"Saber-toothed squirrel" from the dinosaur days

 Cnn Dam Assets 111102032029-Extinct-Mammal-Story-Top This intimidating squirrel-like beastie with the impressive choppers lived 94 million years ago. Scientists from the University of Louisville recently discovered fossilized remains of the animal, named Cronopio dentiacutus, in Argentina. Apparently, it was about the size of a mouse. From CNN:

(Paleontologist Guillermo Rougier believes Cronopio dentiacutus) was an insectivore, which is common for small animals today. Their teeth seem to be specialized for cutting and crushing; the large canines of Cronopio dentiacutus could puncture through small insects. To give you some perspective on the size of these canines, imagine if one of your front teeth came down below your chin, Rougier said.

"Tiny 'saber-toothed squirrel' found" (CNN)

"Highly specialized mammalian skulls from the Late Cretaceous of South America" (Nature)


  1. Looks more like a ferret-warthog had relations with a raccoon-rat…and this wonderful creature resulted.

    But I’m getting my time frame mixed up slightly…

  2. We have these same animals on our property! 
    But they’re cuter with puffy little cheeks and don’t have the large fangs.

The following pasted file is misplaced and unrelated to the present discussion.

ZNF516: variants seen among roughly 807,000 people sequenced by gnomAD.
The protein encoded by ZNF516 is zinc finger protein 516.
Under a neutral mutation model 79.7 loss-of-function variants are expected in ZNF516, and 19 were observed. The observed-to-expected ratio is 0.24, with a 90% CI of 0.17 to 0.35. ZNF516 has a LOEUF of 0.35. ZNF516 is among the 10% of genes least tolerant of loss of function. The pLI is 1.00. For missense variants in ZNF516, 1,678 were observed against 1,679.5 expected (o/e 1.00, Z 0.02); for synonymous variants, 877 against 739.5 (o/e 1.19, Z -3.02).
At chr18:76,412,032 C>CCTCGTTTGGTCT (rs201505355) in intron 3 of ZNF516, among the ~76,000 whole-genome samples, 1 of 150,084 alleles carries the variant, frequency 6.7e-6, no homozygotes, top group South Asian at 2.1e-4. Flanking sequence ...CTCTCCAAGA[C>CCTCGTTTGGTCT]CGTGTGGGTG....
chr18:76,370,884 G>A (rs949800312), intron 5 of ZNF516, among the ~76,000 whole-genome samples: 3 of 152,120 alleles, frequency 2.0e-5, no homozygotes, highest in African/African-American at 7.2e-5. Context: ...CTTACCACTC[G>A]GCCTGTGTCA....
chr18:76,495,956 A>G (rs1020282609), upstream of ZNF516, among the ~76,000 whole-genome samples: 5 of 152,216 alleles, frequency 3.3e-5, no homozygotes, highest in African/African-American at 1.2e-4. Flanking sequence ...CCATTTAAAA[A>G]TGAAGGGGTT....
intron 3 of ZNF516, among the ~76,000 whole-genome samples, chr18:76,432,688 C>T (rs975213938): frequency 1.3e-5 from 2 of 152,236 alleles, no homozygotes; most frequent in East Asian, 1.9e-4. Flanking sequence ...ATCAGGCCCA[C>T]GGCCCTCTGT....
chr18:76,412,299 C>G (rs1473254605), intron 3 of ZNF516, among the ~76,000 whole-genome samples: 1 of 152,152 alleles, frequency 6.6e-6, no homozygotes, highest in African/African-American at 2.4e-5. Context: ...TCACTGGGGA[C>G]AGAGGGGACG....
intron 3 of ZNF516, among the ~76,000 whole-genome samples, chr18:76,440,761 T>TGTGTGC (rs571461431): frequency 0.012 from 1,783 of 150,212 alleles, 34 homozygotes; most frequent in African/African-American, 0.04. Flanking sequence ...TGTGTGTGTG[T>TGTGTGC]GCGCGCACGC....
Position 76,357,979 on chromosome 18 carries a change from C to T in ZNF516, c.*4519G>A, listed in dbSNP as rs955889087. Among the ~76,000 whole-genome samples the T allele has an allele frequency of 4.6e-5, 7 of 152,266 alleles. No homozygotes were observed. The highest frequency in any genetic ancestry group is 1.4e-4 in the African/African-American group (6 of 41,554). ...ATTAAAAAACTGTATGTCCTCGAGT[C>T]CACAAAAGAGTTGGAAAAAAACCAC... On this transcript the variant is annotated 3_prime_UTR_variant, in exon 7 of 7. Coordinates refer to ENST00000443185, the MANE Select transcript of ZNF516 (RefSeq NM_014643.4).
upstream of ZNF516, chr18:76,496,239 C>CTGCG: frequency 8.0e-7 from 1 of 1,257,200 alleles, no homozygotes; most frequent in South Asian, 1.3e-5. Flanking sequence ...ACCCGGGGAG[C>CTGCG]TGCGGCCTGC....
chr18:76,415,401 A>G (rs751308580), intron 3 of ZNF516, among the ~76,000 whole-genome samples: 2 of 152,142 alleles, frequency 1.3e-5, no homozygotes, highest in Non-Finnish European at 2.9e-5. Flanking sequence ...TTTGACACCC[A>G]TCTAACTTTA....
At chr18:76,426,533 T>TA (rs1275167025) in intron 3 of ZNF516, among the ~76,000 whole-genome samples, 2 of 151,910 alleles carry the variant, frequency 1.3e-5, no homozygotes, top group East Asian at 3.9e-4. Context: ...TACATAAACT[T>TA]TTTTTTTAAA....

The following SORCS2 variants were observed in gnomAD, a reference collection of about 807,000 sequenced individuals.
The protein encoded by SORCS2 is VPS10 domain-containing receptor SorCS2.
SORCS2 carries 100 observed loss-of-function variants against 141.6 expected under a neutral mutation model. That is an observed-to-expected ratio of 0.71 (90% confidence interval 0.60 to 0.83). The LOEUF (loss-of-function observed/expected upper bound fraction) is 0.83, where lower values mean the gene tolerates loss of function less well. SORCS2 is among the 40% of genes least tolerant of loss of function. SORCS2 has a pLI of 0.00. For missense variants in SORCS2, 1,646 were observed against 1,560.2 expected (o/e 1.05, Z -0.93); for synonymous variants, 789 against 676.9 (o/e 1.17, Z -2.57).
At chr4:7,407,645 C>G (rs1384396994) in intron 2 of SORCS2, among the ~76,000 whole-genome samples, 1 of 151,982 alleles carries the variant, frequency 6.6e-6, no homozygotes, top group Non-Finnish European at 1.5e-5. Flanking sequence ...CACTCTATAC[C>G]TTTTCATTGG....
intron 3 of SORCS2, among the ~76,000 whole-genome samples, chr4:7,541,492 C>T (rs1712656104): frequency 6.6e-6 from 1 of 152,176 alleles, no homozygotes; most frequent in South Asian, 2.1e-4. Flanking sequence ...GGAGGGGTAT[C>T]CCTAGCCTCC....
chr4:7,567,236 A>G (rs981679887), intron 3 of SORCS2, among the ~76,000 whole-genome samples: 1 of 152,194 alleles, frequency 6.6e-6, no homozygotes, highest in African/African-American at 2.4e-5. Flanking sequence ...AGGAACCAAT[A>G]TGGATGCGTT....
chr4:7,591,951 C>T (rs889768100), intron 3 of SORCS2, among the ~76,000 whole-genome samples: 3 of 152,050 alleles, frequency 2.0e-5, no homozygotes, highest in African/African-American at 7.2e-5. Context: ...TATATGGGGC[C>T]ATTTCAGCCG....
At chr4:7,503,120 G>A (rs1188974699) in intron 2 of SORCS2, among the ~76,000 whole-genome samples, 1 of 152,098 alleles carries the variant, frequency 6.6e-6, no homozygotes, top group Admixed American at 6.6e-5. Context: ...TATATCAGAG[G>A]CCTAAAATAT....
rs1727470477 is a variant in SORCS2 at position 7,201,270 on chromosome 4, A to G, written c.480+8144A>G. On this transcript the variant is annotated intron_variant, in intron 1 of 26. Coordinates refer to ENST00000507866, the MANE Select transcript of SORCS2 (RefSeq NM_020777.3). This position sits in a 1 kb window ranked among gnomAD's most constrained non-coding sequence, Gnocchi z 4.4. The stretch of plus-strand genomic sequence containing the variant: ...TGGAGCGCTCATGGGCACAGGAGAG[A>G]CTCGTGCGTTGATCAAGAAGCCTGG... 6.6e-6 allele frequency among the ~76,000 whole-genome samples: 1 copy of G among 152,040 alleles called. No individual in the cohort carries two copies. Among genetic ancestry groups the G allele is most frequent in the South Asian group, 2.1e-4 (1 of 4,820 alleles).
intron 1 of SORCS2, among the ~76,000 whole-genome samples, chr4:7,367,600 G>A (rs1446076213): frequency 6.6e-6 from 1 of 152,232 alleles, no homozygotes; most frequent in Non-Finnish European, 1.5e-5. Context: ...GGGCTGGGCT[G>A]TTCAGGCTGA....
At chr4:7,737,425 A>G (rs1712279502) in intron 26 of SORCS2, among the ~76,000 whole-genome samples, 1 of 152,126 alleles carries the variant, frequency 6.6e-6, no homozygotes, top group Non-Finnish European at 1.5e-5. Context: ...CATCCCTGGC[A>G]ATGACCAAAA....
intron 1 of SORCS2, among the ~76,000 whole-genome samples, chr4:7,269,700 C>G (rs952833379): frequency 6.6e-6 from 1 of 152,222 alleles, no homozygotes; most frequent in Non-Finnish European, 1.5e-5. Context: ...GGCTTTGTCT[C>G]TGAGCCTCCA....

3.  They strike me as an ancient version of the Grasshopper Mouse… though they are utterly unrelated.

    Grasshopper Mice are predatory field mice whose diet is almost entirely meat and insects.  They even howl like tiny wolves to mark their territory :)

    1. Is choppers the English term?

      As opposed to Serbo-Croatian? I’ve never heard anything but choppers in the US.

  4. Will they scurry up to you and take bits of beef jerky from your hand?  (May have to “borrow” Percival Dunwoody’s time machine to test this out.)

  5. Yes, but was ‘Cronopio dentiacutus’ surrounded by the fossilized remains of a large cache of acorns, and what appears to be a field of faultlines running for miles in every direction, with Scrat as the epicenter?  Kinda sad to think he finally ran out of luck.

  6. That’s the most foul, cruel, and bad-tempered rodent you ever set eyes on! That squirrel’s got a vicious streak a mile wide! It’s a killer!

  7. I like how this sort of validates the classic cartoon theory of evolution, where any contemporary animal could be made prehistoric–and comedically menacing–by having ‘saber-tooth’, ‘suarus’, or ‘cave’ added to its name. I’m imagining a small tableau in a dusty corner of some long-in-the-tooth (pun intended) state Museum of Natural History depicting the improbable confrontation of the gigantic (by squirrel standards…) and terrible squirrelasuarus, the sleek and deadly saber-toothed squirrel and the brutish knuckle-dragging cave squirrel.

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